There's quite an ecstasy when you find something in your home after a long time. Well, not just inside the house, several discoveries have appeared after some centuries. But it will be a surprise or say, a long reckoning of fines if you found out a book that had to be returned 39 years ago.
Don’t worry. The person just needed to pay €5 ($5.72), even if he had kept the book for four decades. Thanks to the Gelderland Zuid library, in Groesbeek, the Netherlands, who capped his fines to only €5. The post was shared online, and one of the workers at the library explained that it would have been €1,530.75 ($1,752) if the fine wasn’t capped.
Being booked in February 1981, the book was expected to be returned in March the same year. However, it took the bloke 39 years, 13 weeks, and five days. It was a copy of the English version of Terugnaar Oegstgeest – Return to Oegstgeest, an autobiographical novel written by Jan Wolkers in 1965.
Astonished by the efforts, the library’s Twitter account said: “Sometimes, as a library employee, you cannot believe your eyes. It must have been difficult for the reader to let this go.” The RTL Nieuws told that the man had discovered the book in the attic and must have put a lot of strenuous efforts to bring it back. One of the library’s workers told RTL that they considered it a joke initially.
Putting the disbelief away, it was quite bewildering when the ticket was dated March 5, 1981 (handwritten). Now, they could assimilate that it was happening for real. It’s more surprising to get the book back in its place as the library had moved three times in the last three decades. Besides, the librarian was elated by the man’s effort. Because it must have been enervating to find the correct address of the library. The address written on the card wasn’t updated and had been incorrect for the last 35 years.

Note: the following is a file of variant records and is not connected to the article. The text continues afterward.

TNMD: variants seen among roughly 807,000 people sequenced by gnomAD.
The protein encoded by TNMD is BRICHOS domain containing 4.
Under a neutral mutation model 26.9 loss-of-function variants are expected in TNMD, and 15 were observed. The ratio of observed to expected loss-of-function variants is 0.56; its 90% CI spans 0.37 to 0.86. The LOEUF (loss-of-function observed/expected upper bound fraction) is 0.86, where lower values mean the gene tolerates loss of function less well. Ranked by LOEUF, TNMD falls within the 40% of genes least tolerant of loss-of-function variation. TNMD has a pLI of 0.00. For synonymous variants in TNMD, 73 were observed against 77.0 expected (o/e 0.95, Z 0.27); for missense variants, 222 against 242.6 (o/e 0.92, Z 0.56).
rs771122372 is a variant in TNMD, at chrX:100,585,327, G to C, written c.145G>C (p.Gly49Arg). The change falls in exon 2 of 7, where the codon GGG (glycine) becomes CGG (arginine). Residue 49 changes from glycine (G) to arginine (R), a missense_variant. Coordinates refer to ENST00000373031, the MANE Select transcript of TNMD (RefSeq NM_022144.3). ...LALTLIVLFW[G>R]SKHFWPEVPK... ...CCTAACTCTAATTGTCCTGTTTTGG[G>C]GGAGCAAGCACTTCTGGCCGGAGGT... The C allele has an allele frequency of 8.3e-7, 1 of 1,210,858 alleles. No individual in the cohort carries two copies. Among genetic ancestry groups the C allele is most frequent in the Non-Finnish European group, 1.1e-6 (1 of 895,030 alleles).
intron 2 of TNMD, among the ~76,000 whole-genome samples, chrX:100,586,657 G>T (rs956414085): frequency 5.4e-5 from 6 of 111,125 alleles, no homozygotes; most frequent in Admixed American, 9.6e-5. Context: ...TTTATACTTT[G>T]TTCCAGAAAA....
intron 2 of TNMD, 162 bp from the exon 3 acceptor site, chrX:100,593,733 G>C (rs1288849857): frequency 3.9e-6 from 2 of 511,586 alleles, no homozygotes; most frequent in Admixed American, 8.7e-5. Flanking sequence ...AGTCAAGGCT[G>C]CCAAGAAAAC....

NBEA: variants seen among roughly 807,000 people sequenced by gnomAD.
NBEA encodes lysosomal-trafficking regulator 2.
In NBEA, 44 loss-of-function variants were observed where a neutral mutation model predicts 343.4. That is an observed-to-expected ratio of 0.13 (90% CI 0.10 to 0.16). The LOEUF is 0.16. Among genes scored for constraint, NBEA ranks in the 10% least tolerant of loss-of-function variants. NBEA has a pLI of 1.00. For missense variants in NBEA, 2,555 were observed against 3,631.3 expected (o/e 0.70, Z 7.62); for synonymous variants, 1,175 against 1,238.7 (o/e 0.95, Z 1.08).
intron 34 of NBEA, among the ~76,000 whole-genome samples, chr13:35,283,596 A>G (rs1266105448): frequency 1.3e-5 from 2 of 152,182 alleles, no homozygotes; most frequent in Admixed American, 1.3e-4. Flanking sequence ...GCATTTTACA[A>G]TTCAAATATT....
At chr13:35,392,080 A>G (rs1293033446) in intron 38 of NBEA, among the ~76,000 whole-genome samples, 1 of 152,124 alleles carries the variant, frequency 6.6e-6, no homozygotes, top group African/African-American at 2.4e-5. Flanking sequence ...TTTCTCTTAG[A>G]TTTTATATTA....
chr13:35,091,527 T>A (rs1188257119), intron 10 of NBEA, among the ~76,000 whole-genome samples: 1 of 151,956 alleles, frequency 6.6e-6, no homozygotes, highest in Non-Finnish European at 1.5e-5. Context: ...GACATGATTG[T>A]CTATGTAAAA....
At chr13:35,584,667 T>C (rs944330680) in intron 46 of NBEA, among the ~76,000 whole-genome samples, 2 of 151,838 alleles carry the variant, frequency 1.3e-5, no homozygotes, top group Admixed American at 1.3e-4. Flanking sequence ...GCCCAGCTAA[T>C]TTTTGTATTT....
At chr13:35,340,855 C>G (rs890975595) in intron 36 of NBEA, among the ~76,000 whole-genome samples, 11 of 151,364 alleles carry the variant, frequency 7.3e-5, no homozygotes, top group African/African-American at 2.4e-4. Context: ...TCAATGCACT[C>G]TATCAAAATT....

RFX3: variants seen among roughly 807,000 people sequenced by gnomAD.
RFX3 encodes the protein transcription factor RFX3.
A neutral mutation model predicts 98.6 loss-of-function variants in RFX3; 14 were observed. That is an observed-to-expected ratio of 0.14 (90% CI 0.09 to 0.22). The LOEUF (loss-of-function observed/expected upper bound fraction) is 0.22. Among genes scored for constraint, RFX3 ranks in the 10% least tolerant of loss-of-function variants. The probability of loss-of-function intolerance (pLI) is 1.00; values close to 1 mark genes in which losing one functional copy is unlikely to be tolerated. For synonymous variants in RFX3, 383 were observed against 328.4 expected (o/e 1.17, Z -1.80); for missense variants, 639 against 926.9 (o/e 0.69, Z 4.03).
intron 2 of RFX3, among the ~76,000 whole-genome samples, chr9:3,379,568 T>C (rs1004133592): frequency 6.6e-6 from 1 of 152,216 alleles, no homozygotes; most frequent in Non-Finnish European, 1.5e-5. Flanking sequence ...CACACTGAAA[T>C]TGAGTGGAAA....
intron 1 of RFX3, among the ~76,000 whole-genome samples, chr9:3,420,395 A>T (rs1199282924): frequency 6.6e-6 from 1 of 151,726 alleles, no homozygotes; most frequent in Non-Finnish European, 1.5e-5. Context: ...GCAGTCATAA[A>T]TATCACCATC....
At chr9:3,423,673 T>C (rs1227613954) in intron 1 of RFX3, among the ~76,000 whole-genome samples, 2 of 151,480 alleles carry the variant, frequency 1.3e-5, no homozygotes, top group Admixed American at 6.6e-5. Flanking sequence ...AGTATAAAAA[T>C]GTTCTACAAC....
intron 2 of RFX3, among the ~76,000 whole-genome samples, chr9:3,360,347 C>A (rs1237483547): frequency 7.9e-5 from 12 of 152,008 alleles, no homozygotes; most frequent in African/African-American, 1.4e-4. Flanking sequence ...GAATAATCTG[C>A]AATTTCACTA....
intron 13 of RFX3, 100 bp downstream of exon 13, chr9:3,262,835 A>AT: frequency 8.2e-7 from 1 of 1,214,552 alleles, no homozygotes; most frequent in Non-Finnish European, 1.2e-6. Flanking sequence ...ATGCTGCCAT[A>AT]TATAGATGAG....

The graceful character of the man must be appreciated. But this isn’t the only news of its kind. A similar incident happened in 2019, when Ty Dillon returned the book Reptiles as Pets after four decades, to the Brampton Public Library. Dillon is currently the president of California Zoological Supply. The book was issued in 1978, but Dillon had to pay not more than $10. And since the book was outdated, Brampton library gifted it back, as a reward for Dillon’s honesty.
Forty years later, the Brampton library had transformed entirely, having not only books but also 3D printers, function space, and recording studios. Meagan Gilpin, the Branch Librarian, was overwhelmed by Dillon’s honesty. It was more flabbergasting to know that Dillon chose his career path on the thing he loved reading in his childhood. “After all, inspiring connections is what we do,” she added.